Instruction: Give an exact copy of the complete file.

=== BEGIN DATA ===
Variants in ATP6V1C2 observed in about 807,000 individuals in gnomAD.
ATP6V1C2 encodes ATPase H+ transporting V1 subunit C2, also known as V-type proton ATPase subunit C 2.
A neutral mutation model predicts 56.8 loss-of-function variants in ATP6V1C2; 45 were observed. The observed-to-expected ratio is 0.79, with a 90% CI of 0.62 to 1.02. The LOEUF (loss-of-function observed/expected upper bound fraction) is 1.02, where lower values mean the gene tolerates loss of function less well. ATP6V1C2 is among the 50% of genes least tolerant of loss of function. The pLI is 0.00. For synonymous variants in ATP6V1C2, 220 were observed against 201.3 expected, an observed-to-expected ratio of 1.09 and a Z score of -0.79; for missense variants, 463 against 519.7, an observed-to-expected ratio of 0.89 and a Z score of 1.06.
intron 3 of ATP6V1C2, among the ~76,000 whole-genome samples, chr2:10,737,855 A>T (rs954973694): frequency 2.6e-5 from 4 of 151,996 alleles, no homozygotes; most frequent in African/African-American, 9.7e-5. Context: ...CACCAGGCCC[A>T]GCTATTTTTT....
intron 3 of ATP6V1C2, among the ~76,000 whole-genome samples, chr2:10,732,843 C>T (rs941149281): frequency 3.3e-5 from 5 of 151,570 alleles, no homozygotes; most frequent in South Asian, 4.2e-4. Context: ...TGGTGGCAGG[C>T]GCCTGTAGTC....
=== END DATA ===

Variants in ATP6V1C2 observed in about 807,000 individuals in gnomAD.
ATP6V1C2 encodes ATPase H+ transporting V1 subunit C2, also known as V-type proton ATPase subunit C 2.
A neutral mutation model predicts 56.8 loss-of-function variants in ATP6V1C2; 45 were observed. The observed-to-expected ratio is 0.79, with a 90% CI of 0.62 to 1.02. The LOEUF (loss-of-function observed/expected upper bound fraction) is 1.02, where lower values mean the gene tolerates loss of function less well. ATP6V1C2 is among the 50% of genes least tolerant of loss of function. The pLI is 0.00. For synonymous variants in ATP6V1C2, 220 were observed against 201.3 expected, an observed-to-expected ratio of 1.09 and a Z score of -0.79; for missense variants, 463 against 519.7, an observed-to-expected ratio of 0.89 and a Z score of 1.06.
intron 3 of ATP6V1C2, among the ~76,000 whole-genome samples, chr2:10,737,855 A>T (rs954973694): frequency 2.6e-5 from 4 of 151,996 alleles, no homozygotes; most frequent in African/African-American, 9.7e-5. Context: ...CACCAGGCCC[A>T]GCTATTTTTT....
intron 3 of ATP6V1C2, among the ~76,000 whole-genome samples, chr2:10,732,843 C>T (rs941149281): frequency 3.3e-5 from 5 of 151,570 alleles, no homozygotes; most frequent in South Asian, 4.2e-4. Context: ...TGGTGGCAGG[C>T]GCCTGTAGTC....